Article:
It’s the middle of April, May’s coming, and that means swimsuit season is right around the corner. And while looking your best is important (because looking good makes you feel good), it’s also important to remember that people have different ideas about what it means to be bikini-ready. Just because we’re fed the idea that our stomachs should be flat and our abs should be rippled, doesn’t mean that’s what everyone wants or needs. Even Chrissy Teigen had to shut down body-shaming trolls after her last photoshoot and she’s a supermodel! Fortunately, more and more people are standing up for themselves when people make unnecessary and rude comments about their bodies. Like Jes Ortelli, a woman who recently had to shut down someone telling her that she should keep it covered up.
In a Facebook post that’s been shared almost 2,000 times, Ortelli recounts something that happened to her on a recent swimsuit shopping trip.
Here’s what she writes:
I don’t usually post such pictures of myself on Facebook however what happened today should be shared to raise some awareness.
The girl at the store today said that “girls like me” shouldn’t wear a bikini ! Well girl let me tell you something , im happy with myself and my biiiigggg tummy with tiger stripes ? but you could have said the same thing to the girl who finally got out there and had the courage to wear a bikini and you just killed her confidence with one stupid comment. You can be any size and look good ! Confidence is what makes you sexy and not just being a size 6 !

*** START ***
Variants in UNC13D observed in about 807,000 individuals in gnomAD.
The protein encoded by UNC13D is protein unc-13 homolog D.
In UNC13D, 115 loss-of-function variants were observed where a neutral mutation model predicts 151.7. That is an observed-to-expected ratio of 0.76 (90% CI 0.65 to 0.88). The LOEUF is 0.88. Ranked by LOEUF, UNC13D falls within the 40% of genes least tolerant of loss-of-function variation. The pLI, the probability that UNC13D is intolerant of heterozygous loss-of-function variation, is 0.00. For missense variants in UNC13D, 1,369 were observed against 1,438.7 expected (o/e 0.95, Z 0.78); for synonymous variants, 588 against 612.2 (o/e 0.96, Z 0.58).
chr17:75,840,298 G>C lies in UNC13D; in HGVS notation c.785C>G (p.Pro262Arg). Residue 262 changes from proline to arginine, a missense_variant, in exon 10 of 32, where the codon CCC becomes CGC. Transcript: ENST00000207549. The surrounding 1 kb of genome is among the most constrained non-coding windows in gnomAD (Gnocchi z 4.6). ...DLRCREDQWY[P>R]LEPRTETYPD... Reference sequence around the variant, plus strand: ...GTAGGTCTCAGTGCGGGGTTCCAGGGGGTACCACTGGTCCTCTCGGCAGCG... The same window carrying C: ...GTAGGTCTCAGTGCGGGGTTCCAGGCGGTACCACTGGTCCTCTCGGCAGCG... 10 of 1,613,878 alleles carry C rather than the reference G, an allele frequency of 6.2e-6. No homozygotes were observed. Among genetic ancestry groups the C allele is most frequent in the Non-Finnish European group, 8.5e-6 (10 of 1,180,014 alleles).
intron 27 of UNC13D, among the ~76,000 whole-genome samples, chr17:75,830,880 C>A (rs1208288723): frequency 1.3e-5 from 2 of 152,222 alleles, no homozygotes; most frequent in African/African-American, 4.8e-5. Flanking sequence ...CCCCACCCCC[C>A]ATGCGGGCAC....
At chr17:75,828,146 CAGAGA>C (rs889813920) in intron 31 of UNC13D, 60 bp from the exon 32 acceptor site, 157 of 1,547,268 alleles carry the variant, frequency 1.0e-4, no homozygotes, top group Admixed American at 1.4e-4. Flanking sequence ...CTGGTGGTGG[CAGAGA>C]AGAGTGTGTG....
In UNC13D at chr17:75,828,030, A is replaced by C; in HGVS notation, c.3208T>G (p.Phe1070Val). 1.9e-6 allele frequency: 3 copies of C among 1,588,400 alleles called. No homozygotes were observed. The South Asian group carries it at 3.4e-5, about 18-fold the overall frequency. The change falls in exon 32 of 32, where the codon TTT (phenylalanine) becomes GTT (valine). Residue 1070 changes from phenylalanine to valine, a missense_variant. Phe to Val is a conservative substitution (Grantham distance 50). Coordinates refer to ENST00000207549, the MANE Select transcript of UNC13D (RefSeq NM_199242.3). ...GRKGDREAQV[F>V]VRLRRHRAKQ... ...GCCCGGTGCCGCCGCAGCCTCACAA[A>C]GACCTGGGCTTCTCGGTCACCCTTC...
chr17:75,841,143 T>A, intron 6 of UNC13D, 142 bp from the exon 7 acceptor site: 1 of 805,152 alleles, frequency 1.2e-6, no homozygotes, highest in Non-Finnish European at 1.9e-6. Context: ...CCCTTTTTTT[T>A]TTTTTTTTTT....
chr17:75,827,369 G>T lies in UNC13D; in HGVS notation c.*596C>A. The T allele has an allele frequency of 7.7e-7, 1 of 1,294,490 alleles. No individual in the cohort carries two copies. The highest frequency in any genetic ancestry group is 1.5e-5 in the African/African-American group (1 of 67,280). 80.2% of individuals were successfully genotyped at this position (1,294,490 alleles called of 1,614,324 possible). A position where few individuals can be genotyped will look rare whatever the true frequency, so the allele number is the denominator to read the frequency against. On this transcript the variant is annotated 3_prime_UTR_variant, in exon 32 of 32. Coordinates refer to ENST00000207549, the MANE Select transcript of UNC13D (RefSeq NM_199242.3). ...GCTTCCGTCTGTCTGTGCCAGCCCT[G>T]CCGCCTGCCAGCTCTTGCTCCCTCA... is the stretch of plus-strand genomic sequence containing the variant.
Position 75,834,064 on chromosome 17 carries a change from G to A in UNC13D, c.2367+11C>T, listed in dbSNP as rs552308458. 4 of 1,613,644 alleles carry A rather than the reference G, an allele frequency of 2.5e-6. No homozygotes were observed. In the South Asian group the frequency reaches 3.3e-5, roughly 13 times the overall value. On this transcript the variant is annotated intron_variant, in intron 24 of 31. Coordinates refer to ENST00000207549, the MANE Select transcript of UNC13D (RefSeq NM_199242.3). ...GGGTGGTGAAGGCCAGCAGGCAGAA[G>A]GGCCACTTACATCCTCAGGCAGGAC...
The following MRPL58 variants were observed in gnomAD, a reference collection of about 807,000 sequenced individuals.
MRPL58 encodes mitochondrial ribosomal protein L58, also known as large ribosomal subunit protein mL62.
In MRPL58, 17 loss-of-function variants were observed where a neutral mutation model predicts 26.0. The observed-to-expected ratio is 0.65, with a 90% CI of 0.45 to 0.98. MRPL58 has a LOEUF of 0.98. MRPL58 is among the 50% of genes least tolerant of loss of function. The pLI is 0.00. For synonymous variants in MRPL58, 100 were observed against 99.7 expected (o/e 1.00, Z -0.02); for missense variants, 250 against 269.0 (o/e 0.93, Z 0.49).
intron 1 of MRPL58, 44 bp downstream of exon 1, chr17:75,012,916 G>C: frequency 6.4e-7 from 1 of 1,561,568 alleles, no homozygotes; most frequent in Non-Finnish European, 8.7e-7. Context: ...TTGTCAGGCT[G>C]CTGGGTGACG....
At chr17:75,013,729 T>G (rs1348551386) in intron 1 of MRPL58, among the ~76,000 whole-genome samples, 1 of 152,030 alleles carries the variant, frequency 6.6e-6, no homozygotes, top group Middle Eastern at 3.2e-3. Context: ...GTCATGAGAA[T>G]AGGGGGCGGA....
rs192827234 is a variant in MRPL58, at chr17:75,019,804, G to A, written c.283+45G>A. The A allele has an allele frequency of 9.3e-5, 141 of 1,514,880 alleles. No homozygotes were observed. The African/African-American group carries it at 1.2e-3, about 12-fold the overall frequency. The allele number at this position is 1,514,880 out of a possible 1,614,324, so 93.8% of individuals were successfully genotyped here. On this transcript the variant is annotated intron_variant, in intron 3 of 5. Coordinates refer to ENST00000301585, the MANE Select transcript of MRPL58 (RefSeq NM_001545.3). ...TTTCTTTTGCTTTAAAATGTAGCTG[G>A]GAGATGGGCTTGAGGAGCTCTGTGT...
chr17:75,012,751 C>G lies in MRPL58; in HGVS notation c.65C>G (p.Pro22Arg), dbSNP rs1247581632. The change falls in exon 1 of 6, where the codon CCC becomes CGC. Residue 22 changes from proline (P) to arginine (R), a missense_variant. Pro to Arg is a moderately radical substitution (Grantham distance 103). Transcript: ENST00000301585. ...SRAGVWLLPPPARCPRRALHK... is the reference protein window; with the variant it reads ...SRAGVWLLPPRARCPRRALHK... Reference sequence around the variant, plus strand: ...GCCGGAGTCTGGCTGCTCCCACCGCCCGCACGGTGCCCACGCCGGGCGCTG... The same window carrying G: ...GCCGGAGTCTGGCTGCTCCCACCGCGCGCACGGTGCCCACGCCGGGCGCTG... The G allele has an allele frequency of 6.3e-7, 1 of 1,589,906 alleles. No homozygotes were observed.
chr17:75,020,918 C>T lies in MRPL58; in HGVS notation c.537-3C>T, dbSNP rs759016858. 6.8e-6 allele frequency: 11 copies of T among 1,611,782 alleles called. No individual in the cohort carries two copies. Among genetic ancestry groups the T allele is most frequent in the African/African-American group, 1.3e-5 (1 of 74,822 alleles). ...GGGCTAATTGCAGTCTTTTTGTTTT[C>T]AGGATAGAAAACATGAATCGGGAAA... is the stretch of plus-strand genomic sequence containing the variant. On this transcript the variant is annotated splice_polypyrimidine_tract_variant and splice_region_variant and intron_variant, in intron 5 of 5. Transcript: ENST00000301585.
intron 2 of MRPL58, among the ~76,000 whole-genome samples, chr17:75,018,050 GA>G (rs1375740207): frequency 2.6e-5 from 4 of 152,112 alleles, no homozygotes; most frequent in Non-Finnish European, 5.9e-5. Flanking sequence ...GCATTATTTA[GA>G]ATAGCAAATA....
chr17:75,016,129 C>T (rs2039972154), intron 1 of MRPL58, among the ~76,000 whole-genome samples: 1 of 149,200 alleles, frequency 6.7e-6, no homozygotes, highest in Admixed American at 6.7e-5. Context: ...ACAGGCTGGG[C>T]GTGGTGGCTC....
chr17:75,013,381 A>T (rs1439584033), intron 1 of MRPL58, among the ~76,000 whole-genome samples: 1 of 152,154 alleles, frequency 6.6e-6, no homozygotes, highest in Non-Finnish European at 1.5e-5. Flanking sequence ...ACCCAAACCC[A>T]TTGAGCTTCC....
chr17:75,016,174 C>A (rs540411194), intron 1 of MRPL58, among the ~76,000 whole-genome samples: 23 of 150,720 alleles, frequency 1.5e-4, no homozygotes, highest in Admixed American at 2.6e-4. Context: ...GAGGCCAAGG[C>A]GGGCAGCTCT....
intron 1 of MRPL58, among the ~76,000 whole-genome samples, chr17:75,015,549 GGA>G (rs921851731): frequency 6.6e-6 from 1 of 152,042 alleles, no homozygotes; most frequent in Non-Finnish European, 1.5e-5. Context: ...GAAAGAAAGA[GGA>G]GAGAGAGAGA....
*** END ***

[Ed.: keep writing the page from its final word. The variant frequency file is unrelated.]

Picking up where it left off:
Thankyou for fat shaming me ,thanks to you I got an awesome discount on my bikini ???
#Fat ,#confident, girl !
Check out the picture she posted along with the story:
Awesome, right? Right! Why? Because there’s absolutely no reason any stranger should be telling you what you should and shouldn’t be wearing unless you are literally walking down the street naked screaming “smart people can see my clothes, okay?” And because there’s already so much stigma placed on not having a body that’s seen as “perfect.” Should you be as healthy as possible? Sure. And while you’re figuring out what that means for you, you should be able to wear clothes and go to beaches (this is all obvious, right?).
Should Lane Bryant ads be playing on your TV? Yup. And should people like Jes Ortelli — who didn’t ask for others’ opinions on their bodies — be standing up for themselves? Based on the responses she’s received, which range from the expected “you go, girl!” to grateful acknowledgments of how important it is to hear a message like this, we’d certainly say so.
Now put on that swimsuit and jump in the pool! (Also, generally, stop being mean to each other!)